The St. John-Hudson robotics team is building and programming their robot as they get ready for a season of tournaments

Tension is high as robotics team students watch their creations move around the gaming floor and complete their tasks without any assistance from the students. It’s an action packed competition and the St. John High School Robotics team is ready for another season. Their first tournament is Oct. 27.

There are four members on the St. John team this year. Returning team members are Ethan Huston and Colton Ward. Joining them are rookies Damian Rios and Zack Fischer, said robotics coach Andrea Sayler-Siefkes.

Robotics is in its third year at St. John. They participate in the VEX Robotics Challenge that includes several tournaments throughout the year including two at St. John this year. This year’s challenge is “Turning Point” that is played on a 12 feet by 12 feet square field.

Each team gets identical kits to build their robots. But the robot design and programming is up to each individual team. It’s early in the year and the team is now building their robot. They have the basic chassis done. Construction is a learn as you go process. It gives the students a chance to build then rebuild and to do the same with programming. It gives the students some real life lessons. They sometimes have to work through disagreements so robotics helps build social and communication skills.

“In life, you are constantly tweaking. This is a great way to practice that,” Sayler-Siefkes said.

The tournaments also give students a lot of time for social interaction with other teams, teachers and adults. Classroom science, technology, engineering and math are put to the test as students learn lifelong skills of teamwork, leadership, communications and more, Sayler-Siefkes said.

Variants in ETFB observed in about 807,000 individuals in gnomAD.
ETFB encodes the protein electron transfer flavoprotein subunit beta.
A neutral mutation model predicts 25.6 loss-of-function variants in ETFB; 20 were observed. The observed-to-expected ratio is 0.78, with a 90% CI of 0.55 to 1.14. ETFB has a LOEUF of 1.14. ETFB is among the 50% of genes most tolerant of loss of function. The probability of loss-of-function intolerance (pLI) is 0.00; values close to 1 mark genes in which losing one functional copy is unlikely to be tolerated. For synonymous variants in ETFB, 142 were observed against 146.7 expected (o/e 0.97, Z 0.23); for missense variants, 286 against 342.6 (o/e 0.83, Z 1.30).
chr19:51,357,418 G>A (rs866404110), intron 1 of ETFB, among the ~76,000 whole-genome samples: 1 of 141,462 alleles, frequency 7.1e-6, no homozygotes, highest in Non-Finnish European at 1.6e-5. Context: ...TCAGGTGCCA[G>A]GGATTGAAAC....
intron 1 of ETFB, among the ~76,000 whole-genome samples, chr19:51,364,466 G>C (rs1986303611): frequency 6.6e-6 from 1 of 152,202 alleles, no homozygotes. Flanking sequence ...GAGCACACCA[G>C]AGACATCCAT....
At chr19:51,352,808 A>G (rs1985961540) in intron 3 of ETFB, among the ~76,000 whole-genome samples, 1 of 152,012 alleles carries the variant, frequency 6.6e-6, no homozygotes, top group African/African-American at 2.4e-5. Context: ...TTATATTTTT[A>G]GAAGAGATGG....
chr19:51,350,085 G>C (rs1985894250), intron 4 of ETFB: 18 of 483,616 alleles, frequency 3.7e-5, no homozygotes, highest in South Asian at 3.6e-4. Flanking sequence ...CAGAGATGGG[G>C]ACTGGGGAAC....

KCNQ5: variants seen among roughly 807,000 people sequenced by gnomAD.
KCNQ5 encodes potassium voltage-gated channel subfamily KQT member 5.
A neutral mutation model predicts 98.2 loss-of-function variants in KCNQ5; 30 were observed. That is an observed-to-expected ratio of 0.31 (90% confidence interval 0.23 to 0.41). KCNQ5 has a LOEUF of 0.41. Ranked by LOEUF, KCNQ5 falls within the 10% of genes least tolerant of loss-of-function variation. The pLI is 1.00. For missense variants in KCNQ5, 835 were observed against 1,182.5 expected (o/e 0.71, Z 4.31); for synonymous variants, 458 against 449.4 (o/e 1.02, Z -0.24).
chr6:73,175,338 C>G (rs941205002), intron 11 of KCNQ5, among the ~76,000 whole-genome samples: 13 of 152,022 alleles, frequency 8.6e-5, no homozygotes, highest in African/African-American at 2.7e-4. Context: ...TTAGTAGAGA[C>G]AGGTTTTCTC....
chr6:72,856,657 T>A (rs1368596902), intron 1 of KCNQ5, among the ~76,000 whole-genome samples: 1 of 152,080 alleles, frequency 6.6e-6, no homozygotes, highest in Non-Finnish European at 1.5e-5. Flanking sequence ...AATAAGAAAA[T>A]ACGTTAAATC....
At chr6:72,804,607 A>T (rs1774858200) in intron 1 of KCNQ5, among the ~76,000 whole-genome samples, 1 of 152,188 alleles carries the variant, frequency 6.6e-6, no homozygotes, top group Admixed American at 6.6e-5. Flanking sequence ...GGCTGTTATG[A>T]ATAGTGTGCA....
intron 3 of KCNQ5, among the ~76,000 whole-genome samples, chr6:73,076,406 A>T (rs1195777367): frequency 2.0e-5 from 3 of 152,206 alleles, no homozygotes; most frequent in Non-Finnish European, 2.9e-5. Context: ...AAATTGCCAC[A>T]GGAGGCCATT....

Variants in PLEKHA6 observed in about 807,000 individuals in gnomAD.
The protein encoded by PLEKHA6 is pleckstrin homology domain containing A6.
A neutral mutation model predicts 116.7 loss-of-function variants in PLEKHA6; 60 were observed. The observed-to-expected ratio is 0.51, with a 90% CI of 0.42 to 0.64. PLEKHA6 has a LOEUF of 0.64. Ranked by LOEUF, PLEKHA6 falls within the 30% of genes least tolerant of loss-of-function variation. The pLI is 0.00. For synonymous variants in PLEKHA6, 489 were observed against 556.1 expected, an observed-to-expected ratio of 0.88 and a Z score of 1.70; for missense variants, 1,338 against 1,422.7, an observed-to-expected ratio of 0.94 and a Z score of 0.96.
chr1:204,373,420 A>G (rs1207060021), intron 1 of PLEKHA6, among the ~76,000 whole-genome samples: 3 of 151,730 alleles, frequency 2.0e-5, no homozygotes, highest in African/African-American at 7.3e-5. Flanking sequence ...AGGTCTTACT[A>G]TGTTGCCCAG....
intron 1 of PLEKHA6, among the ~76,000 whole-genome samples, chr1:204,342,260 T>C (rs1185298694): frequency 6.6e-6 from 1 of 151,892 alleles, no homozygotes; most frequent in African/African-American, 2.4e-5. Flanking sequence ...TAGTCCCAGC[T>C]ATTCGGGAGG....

The robots are programmed to complete certain tasks on the competition area. Each team partners with another team and they take on another pair of teams in tournaments. Team members have to quickly be able to communicate with people they don’t know to be successful.

After each round, the teams switch with other teams for future rounds. It is possible for teams to be on the same side then oppose each other in later rounds, Sayler-Siefkes said.

Teams pre program the robots and they have to work for 15 seconds by themselves in each round. Then a driver takes over for one minute and forty five seconds. Drivers use a joy stick but they also program the control box. Each team has at least one driver but every team member is eligible to be a driver.

Teams score points for competing tasks on the playing field. This year robots score points by turning over hexagonal objects, putting balls on the objects, turning flags from one color to another or hitting the flags with balls so the flags change color or parking the robot in a certain spot, Sayler-Siefkes said.

The St. John home meets are scheduled for Nov. 17, 2018 and Jan. 26, 2019, Sayler-Siefkes said.

“Hosting these events is a great opportunity for our school and community,” Sayler-Siefkes said. “But I’m nervous about the home tournaments. It’s a big, big undertaking.”

It takes a lot of volunteers to make the meets a success. Volunteers should contact Sayler-Siefkes at

Help is needed to set up arenas on the Friday evenings, Nov. 16 and Jan. 25, before the events, hosting or helping with concessions, be a field “re-setter” with training available before the event, be a visiting team host or hostess or tear down the arenas after the event, Sayler-Siefkes said.

The schedule for both meets is the same. The November event will have 24 teams and the January event will have 36 teams.

The public is encouraged to come and watch the action.

“Robotics events are fast paced and fun to watch,” Sayler-Siefkes said. “Spectators would have the best experience watching between 10 and noon. The event is come and go with new rounds starting every five minutes.”

Tournaments are held year round at the regional, state and national levels culminating in the VEX Robotics World Championship each April. Some 11,000 teams come from middle school, high school, college and university levels from the U.S. and 45 countries participate in over 900 tournaments a year.

Tournament schedule for both Nov. 17, 2018 and Jan. 26, 2019.

7:30 a.m. Doors open, check-in and inspections. 9:30 a.m. Driver’s meeting.

10 a.m. Qualification rounds begin.

Noon Lunch

1 p.m. Qualification rounds resume.

1:30 p.m. Alliance Selection for elimination rounds.

2 p.m. Elimination rounds begin.

3 p.m. Elimination rounds end followed by the awards ceremony.

The schedule is subject to change. If qualification rounds can be completed before lunch then elimination rounds will start immediately after lunch.